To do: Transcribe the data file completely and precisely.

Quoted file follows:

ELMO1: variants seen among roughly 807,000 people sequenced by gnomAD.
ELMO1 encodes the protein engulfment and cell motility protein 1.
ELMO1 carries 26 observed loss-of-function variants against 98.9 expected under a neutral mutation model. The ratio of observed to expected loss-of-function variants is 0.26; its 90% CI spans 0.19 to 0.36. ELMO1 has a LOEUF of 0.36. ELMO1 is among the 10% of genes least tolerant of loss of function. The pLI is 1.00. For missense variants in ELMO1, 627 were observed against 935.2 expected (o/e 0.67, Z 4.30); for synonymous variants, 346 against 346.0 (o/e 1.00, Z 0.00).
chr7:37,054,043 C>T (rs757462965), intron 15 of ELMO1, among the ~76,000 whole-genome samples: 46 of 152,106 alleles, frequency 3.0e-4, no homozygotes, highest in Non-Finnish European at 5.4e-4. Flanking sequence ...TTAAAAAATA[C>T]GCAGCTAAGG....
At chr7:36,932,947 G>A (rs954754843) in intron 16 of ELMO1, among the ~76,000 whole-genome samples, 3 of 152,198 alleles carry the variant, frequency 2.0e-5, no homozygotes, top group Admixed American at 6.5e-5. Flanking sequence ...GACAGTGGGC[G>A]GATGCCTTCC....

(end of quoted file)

ELMO1: variants seen among roughly 807,000 people sequenced by gnomAD.
ELMO1 encodes the protein engulfment and cell motility protein 1.
ELMO1 carries 26 observed loss-of-function variants against 98.9 expected under a neutral mutation model. The ratio of observed to expected loss-of-function variants is 0.26; its 90% CI spans 0.19 to 0.36. ELMO1 has a LOEUF of 0.36. ELMO1 is among the 10% of genes least tolerant of loss of function. The pLI is 1.00. For missense variants in ELMO1, 627 were observed against 935.2 expected (o/e 0.67, Z 4.30); for synonymous variants, 346 against 346.0 (o/e 1.00, Z 0.00).
chr7:37,054,043 C>T (rs757462965), intron 15 of ELMO1, among the ~76,000 whole-genome samples: 46 of 152,106 alleles, frequency 3.0e-4, no homozygotes, highest in Non-Finnish European at 5.4e-4. Flanking sequence ...TTAAAAAATA[C>T]GCAGCTAAGG....
At chr7:36,932,947 G>A (rs954754843) in intron 16 of ELMO1, among the ~76,000 whole-genome samples, 3 of 152,198 alleles carry the variant, frequency 2.0e-5, no homozygotes, top group Admixed American at 6.5e-5. Flanking sequence ...GACAGTGGGC[G>A]GATGCCTTCC....